Pictures: 100 tonnes of poached ivory set on fire in Kenya
Thousands of elephant tusks have been destroyed in Kenya in an effort to highlight the problem of poaching.
Kenya wants to show it's doing something about the issue. So the authorities have decided to set fire to 105 tonnes of elephant tusks and 1.35 tonnes of rhino horns. They've been recovered from poachers and smugglers. (EPA)
A big meeting's been taking place in Kenya, east Africa, to talk about the problem of poaching. It's believed that around 30,000 elephants are killed every year in Africa by poachers wanting their tusks. (EPA)
Ivory is highly valued in parts of Asia where it is used in things like jewellery and statues. (EPA)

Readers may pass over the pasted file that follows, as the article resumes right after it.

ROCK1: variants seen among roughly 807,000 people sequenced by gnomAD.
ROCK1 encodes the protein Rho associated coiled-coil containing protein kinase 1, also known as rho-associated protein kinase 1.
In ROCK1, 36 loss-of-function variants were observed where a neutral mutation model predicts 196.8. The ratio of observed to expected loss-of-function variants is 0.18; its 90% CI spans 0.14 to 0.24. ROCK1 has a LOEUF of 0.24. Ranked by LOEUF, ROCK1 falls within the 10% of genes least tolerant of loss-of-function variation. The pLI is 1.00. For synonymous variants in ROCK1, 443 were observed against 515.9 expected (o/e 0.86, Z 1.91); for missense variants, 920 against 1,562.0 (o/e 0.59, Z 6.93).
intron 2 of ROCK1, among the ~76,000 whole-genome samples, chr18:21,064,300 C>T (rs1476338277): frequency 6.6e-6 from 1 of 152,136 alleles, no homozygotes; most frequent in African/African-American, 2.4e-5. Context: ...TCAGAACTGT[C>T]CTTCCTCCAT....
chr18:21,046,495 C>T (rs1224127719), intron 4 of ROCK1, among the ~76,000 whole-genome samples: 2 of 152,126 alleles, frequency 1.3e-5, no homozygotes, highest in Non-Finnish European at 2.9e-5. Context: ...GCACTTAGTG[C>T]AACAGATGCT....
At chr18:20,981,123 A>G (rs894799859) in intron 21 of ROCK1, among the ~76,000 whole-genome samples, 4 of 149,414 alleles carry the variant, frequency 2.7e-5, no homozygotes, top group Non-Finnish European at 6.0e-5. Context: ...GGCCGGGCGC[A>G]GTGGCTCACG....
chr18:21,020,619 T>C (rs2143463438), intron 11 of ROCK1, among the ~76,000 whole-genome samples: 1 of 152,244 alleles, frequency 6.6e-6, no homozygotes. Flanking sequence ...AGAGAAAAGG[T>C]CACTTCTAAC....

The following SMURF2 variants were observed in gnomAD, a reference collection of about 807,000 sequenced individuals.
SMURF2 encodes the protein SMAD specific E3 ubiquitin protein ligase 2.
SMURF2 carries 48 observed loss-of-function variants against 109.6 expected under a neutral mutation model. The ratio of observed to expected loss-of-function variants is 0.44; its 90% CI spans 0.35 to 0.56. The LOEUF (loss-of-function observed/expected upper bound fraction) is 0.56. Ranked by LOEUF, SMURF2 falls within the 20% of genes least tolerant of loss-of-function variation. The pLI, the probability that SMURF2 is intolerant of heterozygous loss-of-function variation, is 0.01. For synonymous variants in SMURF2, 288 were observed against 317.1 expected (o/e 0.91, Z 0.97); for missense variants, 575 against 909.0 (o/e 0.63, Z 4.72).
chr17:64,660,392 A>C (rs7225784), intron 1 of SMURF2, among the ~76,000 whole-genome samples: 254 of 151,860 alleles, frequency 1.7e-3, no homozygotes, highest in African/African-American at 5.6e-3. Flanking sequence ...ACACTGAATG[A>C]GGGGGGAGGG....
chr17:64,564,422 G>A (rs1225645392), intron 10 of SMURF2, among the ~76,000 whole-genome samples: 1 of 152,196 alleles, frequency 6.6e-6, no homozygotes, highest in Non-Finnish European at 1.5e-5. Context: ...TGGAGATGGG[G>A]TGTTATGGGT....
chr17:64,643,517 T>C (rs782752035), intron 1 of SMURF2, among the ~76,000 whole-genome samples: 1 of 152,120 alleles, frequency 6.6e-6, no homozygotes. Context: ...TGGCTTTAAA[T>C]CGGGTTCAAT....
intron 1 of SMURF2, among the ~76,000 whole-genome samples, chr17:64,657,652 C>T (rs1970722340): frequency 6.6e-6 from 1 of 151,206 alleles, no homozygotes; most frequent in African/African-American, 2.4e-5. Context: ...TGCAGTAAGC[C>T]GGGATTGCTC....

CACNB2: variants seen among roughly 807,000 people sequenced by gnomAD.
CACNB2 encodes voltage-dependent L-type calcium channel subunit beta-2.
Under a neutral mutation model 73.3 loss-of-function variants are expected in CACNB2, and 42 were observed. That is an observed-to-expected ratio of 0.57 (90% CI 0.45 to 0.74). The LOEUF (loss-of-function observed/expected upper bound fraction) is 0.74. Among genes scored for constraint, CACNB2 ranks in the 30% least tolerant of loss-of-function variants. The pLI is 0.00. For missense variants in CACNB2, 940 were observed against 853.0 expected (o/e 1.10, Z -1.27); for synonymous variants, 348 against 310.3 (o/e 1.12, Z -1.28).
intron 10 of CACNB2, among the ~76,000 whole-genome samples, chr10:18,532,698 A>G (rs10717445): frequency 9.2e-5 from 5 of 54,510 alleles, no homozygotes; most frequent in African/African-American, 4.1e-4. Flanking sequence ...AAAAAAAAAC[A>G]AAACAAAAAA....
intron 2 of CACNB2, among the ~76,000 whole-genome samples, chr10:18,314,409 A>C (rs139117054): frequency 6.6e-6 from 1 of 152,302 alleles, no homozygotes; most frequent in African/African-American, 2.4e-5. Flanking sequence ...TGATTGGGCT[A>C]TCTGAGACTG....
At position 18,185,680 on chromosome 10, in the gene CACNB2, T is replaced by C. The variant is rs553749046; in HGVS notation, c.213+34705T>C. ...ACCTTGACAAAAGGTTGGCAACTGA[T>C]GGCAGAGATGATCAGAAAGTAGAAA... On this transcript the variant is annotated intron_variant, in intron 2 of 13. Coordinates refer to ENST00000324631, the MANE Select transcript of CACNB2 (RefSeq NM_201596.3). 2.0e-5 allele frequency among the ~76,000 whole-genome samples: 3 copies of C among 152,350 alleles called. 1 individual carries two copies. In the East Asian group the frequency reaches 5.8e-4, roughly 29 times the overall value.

The Kenya Wildlife Service says this is the largest single destruction of ivory in history. It's hoped that it will help to send a message to poachers. (Reuters)
But not everyone agrees that the tusk burning is a good idea. They reckon it could make the poaching problem worse and might lead to people paying even more for ivory. Kenya has called for a total ban on buying and selling tusks and horns, to help stop the possible extinction of elephants and rhino in the wild. (AFP)